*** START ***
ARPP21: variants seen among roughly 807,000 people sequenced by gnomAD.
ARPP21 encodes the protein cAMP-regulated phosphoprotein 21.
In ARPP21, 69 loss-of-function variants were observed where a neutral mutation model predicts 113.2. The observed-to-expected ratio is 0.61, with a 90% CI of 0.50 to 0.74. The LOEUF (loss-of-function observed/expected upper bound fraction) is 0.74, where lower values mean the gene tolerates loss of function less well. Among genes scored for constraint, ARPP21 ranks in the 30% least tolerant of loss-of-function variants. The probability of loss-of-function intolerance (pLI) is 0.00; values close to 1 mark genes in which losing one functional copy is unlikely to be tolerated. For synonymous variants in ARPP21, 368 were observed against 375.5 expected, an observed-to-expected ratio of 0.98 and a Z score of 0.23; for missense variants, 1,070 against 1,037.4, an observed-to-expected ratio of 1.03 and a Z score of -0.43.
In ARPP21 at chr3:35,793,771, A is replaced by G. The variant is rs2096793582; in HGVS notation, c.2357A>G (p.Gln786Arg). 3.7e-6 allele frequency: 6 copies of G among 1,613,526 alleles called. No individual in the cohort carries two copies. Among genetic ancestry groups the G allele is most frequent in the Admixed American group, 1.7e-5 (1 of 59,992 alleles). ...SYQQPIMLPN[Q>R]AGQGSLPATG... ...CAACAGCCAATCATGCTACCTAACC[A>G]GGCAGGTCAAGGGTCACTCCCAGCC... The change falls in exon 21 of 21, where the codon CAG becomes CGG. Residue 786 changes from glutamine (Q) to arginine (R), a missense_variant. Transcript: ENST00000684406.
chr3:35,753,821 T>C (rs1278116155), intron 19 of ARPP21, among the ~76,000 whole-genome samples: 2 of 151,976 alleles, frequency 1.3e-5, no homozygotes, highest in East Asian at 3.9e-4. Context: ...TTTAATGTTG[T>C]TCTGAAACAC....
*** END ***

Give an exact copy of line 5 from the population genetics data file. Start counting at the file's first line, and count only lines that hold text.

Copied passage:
chr3:35,753,821 T>C (rs1278116155), intron 19 of ARPP21, among the ~76,000 whole-genome samples: 2 of 151,976 alleles, frequency 1.3e-5, no homozygotes, highest in East Asian at 3.9e-4. Context: ...TTTAATGTTG[T>C]TCTGAAACAC....